Twelfth Night on Twelfth Night (+ 1)
Thursday 9th June, Worcester
Time was when Cleddau’s boating trips were solely that, all boating and very little else. Limited holiday allowance focused effort on routes, miles and locks but nowadays things can be a little different. The Captain excelled himself yesterday in what others would term a conventional touristy day.
First event was pavement coffees in the sunshine with Penvro Pal at her establishment on Worcester’s High Street.
Next to the Cathedral. En route to the Cathedral shop to acquire a photo permit eyes were distracted by what looked like a very large Easter bunny. It proved to be just one item among hundreds of visually arresting displays (part of Worcestershire County Council’s annual Voices and Visions exhibition) there filling the cathedral cloisters. This massive ancient space is ideal for such a large scale collection of artwork from 5 to 19 year olds. How we smiled at the love and enthusiasm expressed in the Royal Wedding displays, laughed and wondered at the inventiveness of the metal forest, thrilled at the skill and artistry of work produced by older pupils.
Then to the cathedral itself. Must-see items include Prince Arthur’s tomb and chantry, he the oldest son of Henry VII, whose young death led to his brother’s succession as Henry VIII… Read up, if you need, on what happened next! Then there is King John’s tomb, he of Magna Carta fame. Victorian stained glass, memorials, small side chapels, the circular chapter house and the crypt are there to be explored and admired. School parties were visiting, an organist was practising but on the hour, every hour, a short time for reflection and prayer is called.
With no rock houses in Worcester (!) the next tourist attraction was likely to seem tame. Tame maybe, but fascinating, for the totally ignorant crew of Cleddau. Worcester has long been famous for its porcelain. Though production closed just under two years ago on the factory site a remarkable museum remains. An audio trail guides the visitor past display cases and through galleries showing how techniques, fashion and patronage affected their products. You do not need to be a ceramics fan to be impressed by these fine pieces. See, for example, the precision of the urn created for the 1893 Chicago Exhibition and the beauty of the jewelled tea service.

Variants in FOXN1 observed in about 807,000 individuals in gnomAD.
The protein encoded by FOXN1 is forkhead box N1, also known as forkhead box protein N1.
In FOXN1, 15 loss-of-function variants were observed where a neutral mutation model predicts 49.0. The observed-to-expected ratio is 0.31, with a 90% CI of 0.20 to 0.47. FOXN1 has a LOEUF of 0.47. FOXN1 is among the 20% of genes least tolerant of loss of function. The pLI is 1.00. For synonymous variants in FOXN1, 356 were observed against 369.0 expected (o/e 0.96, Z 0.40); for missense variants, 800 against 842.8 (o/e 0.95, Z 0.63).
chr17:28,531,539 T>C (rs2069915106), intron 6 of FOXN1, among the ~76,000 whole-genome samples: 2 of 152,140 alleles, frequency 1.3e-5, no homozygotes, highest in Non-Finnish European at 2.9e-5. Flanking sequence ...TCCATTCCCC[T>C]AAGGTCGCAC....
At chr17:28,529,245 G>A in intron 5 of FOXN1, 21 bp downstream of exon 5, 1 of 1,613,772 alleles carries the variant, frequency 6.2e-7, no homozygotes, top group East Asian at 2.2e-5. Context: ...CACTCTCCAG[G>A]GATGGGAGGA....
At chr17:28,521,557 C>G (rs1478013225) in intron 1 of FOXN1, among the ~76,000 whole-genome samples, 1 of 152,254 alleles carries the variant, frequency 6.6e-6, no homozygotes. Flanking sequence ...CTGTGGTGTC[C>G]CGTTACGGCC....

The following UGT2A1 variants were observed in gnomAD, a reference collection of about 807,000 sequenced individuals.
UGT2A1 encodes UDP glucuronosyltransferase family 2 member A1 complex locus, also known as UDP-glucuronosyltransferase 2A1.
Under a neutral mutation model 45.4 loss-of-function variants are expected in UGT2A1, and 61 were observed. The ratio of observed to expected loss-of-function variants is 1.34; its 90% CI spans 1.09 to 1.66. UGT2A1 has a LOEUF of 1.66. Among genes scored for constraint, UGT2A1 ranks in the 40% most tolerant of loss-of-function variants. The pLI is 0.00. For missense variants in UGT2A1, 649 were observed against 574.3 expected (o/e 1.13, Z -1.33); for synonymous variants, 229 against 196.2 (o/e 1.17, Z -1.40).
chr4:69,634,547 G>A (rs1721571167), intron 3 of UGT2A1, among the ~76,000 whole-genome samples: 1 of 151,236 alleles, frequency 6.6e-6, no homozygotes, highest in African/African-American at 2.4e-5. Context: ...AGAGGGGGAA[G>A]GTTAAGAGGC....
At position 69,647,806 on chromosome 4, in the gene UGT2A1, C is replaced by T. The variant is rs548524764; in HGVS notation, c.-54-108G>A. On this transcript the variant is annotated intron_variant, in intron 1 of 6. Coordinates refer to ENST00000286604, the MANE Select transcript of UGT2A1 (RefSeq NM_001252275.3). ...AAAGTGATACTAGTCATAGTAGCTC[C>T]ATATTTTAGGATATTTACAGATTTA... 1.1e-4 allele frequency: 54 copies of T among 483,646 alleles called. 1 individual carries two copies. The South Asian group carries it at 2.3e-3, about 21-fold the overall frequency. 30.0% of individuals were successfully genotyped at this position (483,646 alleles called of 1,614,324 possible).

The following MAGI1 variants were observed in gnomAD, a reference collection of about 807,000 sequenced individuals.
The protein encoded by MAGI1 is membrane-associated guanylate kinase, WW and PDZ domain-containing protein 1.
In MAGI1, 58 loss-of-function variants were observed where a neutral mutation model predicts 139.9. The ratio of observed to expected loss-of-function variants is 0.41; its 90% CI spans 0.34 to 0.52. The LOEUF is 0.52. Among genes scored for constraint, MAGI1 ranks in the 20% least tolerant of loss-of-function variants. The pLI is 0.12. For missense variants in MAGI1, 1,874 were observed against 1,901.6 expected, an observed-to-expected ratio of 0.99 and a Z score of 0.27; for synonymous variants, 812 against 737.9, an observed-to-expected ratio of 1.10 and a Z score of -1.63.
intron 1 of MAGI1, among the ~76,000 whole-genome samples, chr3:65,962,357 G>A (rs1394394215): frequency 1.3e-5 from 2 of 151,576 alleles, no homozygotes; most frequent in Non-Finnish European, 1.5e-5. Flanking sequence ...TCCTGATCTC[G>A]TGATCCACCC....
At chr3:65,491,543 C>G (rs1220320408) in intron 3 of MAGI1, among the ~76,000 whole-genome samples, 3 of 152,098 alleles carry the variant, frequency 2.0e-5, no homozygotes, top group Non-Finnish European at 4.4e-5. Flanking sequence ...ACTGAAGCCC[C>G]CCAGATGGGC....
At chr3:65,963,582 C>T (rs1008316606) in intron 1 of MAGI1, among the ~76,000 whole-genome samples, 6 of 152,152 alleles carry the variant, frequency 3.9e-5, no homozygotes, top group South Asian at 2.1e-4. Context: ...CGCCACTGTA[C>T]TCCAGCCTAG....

It had been on our twelfth day that the Captain had spotted a poster for an open air Shakespeare production of Twelfth Night, currently performing nightly in the garden of the Commandery (Worcester’s Civil War Centre, just about fifty metres up the towpath). Without much ado tickets were booked. Along we trudged at 7pm with folding chairs, an elderly tartan rug, waterproofs and a flask of laced coffee to find the garden a feast of picnickers. A curious programme note from the director explained that outdoor Shakespeare can suffer from loads of distractions: “ambulances, food and drink, weather and copulating squirrels are just a few,” he wrote. There were two squirrels on the roofline before the play started, though some distance apart. But the weather…? Half an hour before the end a sudden apparent shower developed into constant heavy rain, but no audience member or actor absconded! A simple two tier stage, three musicians, a cast of thirteen in mid-Victorian dress, 2 letters and three simple swords as the only props made for a wonderfully engrossing performance. Sir Toby Belch and Sir Andrew Aguecheek were wildly drunk and hugely funny while Malvolio’s cavorting in yellow stockings was hilarious. Song, dance and fireworks completed the show. Thoroughly wet but thoroughly entertained the Cleddau crew drew comfort from realising that they were probably “back home” sooner than anyone else!
On Friday, in dry calm conditions, the floating home moved further south, to Upton-on-Severn.